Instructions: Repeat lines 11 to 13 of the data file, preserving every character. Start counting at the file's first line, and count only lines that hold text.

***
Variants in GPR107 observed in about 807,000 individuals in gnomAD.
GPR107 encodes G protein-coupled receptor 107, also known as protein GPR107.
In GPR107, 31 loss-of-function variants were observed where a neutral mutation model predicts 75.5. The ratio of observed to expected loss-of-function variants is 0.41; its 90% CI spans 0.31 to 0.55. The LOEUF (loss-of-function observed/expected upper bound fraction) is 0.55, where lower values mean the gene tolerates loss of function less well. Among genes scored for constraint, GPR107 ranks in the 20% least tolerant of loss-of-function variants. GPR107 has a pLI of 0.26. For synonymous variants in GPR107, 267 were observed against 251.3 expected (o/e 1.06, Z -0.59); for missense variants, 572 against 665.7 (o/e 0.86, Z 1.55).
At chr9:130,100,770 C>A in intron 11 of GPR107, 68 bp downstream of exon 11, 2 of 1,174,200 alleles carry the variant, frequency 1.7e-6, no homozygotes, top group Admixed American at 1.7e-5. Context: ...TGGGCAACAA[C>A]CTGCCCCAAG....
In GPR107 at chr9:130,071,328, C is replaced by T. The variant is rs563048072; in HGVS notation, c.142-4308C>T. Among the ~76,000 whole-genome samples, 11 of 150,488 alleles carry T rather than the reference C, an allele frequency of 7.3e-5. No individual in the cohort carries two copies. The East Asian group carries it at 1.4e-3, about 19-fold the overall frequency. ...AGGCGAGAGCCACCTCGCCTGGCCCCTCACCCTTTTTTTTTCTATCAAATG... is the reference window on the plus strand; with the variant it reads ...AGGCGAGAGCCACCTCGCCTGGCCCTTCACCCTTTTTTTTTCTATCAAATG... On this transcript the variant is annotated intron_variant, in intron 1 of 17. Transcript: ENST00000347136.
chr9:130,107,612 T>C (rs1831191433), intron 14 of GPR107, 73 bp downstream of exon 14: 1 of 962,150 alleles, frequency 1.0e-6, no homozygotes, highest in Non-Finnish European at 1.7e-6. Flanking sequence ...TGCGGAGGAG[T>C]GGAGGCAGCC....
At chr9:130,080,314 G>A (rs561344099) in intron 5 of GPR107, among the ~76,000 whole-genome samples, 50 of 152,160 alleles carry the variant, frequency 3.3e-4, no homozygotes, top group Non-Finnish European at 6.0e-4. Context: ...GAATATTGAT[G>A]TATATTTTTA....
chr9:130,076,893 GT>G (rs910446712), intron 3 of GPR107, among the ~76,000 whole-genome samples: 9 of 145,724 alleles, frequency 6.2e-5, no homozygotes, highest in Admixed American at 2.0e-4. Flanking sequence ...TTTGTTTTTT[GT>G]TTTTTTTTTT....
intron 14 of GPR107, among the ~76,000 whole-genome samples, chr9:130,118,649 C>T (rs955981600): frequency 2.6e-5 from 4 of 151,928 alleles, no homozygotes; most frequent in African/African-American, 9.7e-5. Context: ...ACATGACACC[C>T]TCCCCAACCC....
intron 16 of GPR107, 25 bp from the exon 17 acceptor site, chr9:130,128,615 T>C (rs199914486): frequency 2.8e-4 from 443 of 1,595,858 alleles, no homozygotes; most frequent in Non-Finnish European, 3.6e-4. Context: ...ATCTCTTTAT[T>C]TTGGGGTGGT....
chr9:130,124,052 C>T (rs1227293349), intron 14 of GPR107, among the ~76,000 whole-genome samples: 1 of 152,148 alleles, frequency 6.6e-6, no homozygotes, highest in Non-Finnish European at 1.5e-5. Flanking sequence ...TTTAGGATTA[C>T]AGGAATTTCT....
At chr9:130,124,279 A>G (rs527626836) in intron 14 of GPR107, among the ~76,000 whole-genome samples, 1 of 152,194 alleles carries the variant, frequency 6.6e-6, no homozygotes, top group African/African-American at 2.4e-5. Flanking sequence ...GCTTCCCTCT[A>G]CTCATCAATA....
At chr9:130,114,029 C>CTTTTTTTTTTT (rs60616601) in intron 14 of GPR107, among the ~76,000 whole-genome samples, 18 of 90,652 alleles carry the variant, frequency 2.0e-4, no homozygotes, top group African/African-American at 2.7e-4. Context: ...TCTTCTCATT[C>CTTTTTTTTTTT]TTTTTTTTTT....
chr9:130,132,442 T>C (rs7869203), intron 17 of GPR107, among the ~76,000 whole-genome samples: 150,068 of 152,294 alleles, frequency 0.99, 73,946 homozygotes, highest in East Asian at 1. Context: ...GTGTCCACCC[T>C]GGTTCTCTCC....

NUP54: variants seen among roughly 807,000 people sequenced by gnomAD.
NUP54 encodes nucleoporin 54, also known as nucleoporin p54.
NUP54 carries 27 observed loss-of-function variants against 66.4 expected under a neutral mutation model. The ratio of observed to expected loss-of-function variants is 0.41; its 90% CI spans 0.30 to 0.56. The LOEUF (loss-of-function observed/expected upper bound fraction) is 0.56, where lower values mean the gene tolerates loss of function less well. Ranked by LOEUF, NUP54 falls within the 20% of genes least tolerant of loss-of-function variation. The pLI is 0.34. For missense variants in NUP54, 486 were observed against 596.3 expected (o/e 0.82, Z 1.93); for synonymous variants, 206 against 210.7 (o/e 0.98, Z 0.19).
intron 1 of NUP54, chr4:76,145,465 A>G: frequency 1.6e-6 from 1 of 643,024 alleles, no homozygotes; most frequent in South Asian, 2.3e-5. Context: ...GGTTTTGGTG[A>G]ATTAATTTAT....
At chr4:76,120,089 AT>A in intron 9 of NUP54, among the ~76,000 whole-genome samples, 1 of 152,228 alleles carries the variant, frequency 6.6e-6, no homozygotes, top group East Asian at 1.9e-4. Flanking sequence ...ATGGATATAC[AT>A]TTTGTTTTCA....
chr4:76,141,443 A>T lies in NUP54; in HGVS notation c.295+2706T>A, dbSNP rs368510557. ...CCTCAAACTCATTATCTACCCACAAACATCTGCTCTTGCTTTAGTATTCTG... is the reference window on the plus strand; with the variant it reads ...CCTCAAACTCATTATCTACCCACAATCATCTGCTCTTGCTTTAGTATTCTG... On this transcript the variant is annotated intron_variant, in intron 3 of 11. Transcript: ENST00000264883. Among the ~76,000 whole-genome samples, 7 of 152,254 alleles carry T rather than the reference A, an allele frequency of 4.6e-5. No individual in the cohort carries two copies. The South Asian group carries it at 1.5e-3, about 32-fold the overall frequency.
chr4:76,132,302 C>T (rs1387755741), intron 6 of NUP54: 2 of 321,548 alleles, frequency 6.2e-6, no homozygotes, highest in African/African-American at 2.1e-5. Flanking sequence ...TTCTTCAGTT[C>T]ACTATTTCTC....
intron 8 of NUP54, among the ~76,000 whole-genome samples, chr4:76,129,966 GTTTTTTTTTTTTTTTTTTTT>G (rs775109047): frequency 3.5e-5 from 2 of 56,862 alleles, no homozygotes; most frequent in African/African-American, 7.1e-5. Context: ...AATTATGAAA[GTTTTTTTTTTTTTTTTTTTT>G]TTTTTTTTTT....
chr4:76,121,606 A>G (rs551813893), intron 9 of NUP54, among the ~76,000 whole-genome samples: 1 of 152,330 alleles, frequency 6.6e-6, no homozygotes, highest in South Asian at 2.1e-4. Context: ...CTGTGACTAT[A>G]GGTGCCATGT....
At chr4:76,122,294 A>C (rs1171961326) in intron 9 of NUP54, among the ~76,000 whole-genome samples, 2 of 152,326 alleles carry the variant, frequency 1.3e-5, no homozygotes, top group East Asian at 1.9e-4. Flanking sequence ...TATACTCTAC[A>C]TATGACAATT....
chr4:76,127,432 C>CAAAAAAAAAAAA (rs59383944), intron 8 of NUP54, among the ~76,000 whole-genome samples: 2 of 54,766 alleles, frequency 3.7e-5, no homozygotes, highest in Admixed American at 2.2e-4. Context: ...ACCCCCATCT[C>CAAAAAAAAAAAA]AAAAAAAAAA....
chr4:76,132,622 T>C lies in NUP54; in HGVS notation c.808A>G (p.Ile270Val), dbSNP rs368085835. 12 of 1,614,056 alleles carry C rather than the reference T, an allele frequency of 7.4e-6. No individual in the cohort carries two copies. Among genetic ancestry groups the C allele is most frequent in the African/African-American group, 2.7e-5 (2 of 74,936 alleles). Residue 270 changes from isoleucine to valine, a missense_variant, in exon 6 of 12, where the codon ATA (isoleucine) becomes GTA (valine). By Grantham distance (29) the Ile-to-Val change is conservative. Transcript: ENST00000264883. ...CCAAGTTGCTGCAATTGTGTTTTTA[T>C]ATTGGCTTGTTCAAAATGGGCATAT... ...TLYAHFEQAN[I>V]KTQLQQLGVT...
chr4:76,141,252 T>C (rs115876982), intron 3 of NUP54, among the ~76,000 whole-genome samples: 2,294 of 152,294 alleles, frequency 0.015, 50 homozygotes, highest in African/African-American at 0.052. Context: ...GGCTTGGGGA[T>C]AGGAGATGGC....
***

chr9:130,124,052 C>T (rs1227293349), intron 14 of GPR107, among the ~76,000 whole-genome samples: 1 of 152,148 alleles, frequency 6.6e-6, no homozygotes, highest in Non-Finnish European at 1.5e-5. Flanking sequence ...TTTAGGATTA[C>T]AGGAATTTCT....
At chr9:130,124,279 A>G (rs527626836) in intron 14 of GPR107, among the ~76,000 whole-genome samples, 1 of 152,194 alleles carries the variant, frequency 6.6e-6, no homozygotes, top group African/African-American at 2.4e-5. Flanking sequence ...GCTTCCCTCT[A>G]CTCATCAATA....
At chr9:130,114,029 C>CTTTTTTTTTTT (rs60616601) in intron 14 of GPR107, among the ~76,000 whole-genome samples, 18 of 90,652 alleles carry the variant, frequency 2.0e-4, no homozygotes, top group African/African-American at 2.7e-4. Context: ...TCTTCTCATT[C>CTTTTTTTTTTT]TTTTTTTTTT....